Social Media

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Pitfalls and Opportunities of Social Media

Planet web counts more than 150 million blogs. Are your company’s employees part of these content creators? Tweeples (Twitter users) wrote more than 25 billion messages in 2010. Did your staff write any?

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Companies having a website is just not enough nowadays, social media is a marketing tool that any sensible advisor would highly recommend to be in and to have entire teams dedicated to taking care of managing communities and associatied conversations .

No doubt, social marketing using social tools and building connections beyond corporate walls doesn’t apply to every company, but in case social media is good for your business, then you should observe current practices and empower your employees in order not to be left behind losing big opportunities via this media.

However, communities don’t all look alike; from healthcare industry where common illness create a solid link through participants (PatientsLikeMe) to expertise-driven fields (Wikinvest/Finance, InnoCentive/ R&D…) where shared knowledge is highly valuable for protagonists. As online communities are seeking robust inputs, are responding ranging from friendly to fiercely hostile and are spreading the word at light speed,  companies strategies have to focus on the better way to interact and engage.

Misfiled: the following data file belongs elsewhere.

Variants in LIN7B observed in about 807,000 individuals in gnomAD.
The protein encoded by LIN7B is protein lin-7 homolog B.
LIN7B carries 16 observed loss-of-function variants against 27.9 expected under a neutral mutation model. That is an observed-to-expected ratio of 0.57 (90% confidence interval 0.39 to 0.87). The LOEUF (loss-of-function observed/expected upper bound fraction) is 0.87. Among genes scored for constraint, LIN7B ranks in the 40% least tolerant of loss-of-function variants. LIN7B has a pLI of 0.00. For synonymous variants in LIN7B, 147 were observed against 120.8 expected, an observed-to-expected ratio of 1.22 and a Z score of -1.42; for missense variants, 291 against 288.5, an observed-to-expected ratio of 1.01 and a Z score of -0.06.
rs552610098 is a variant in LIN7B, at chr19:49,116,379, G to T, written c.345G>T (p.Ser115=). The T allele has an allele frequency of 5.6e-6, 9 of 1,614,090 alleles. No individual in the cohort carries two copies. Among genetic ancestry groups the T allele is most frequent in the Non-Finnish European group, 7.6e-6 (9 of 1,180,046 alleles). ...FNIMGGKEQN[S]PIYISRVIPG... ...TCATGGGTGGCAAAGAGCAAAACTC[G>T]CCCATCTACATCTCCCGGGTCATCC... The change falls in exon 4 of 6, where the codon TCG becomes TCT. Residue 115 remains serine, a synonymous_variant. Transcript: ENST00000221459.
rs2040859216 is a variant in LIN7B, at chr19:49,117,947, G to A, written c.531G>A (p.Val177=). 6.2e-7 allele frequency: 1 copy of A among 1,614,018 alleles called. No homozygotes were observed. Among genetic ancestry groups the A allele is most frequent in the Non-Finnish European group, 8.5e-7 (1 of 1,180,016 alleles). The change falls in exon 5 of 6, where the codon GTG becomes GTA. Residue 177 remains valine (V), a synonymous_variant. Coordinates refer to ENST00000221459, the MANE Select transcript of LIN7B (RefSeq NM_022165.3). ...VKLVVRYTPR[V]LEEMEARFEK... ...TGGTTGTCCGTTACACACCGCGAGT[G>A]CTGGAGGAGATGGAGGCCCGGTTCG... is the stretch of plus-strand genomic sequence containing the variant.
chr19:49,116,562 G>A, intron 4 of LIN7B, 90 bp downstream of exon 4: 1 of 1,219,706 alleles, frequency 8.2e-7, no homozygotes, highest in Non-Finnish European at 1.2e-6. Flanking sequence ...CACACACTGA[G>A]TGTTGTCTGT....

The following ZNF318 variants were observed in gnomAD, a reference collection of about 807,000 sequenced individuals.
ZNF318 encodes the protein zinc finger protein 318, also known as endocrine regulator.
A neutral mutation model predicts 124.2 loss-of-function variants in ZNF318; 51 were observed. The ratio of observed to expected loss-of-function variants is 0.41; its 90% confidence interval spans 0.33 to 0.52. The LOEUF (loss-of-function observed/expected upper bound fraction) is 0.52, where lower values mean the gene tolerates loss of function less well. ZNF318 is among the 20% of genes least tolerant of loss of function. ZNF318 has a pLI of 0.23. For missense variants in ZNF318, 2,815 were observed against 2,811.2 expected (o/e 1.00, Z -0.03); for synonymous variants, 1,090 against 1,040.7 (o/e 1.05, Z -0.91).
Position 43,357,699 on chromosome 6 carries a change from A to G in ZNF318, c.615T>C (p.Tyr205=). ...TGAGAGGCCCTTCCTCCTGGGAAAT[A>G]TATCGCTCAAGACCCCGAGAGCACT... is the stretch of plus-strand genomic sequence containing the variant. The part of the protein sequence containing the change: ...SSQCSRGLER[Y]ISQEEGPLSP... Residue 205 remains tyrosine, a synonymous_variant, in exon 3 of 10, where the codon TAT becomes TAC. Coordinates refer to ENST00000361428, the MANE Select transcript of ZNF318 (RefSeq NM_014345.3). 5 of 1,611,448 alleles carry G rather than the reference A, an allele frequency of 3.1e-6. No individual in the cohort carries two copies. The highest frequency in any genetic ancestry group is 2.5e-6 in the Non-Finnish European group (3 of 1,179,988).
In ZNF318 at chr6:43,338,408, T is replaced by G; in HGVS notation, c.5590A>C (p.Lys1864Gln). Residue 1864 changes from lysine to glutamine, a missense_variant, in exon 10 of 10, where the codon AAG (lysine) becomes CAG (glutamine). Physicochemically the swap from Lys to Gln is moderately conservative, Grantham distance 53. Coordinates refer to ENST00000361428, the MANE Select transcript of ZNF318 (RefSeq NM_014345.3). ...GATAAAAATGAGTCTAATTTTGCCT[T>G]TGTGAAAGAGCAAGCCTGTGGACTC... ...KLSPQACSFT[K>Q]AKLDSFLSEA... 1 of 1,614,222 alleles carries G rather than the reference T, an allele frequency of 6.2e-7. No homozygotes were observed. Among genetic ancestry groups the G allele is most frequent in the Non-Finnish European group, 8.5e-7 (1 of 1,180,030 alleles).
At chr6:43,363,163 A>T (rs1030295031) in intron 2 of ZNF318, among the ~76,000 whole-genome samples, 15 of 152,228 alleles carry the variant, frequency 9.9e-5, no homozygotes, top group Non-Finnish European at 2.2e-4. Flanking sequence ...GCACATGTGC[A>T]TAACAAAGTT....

Pitfalls 

• Future always starts out looking rosy… 

Social Media, far from being a sole marketing instrument, helps organizations to operate in more effective ways. Thus, Enterprise 2.0 can manage knowledge inside-out as well as outside-in the company, allowing the information to travel through corporations so that documents are easily shared by dint of tools such as  Microsoft's SharePoint, IBM's Lotus Notes or Socialtext. However, a 2009 Forrester Research study stresses that only 15% of knowledge workforce actually use these collaborative tools, despite the massive investments performed and promising social programs don’t deliver the expected outcomes.

• Butterfly effect

As the musician Dave Carroll could discredit United Airlines in one single tweet and later when more than 9 milllion people viewed his YouTube video, relating how United broke his guitar and didn’t make it up. As this example is far from being one of its kind, companies have to deal with social media possibly highly damaging effects, concerning company secrets, clumsy or non transparent employees communication, ineffective customer service… Remember this dreadful experience for Domino company when malicious employees posted a video on YouTube boasting unsanitary acts on customers' pizzas. 

• What about productivity and ROI ? 

Due to the popularity of social media, a rising number of consultants are convincing companies to be part of this venture where billions of conversations can be catched and followed, interaction can take place, customers' ideas and feedbacks acknowledged. But engaging employees’ corporations in social media is at cost and return on investment currency can be misleading when estimated through Twitter followers, Facebook fans, blog mentions, or YouTube hits. But can we estimate goodwill and trust a brand that instigates among customers? Should hard figures guide companies strategies and investments when it comes to commitment?

Opportunities

• Trust

Whatever the nature of the link between community members, trust is a major ingredient of social media. And when it comes to health 2.0 area, patients would even conclude on their practitioner’s treatments efficiency through other patients feedbacks, taking advises directly from them.

• Reactivity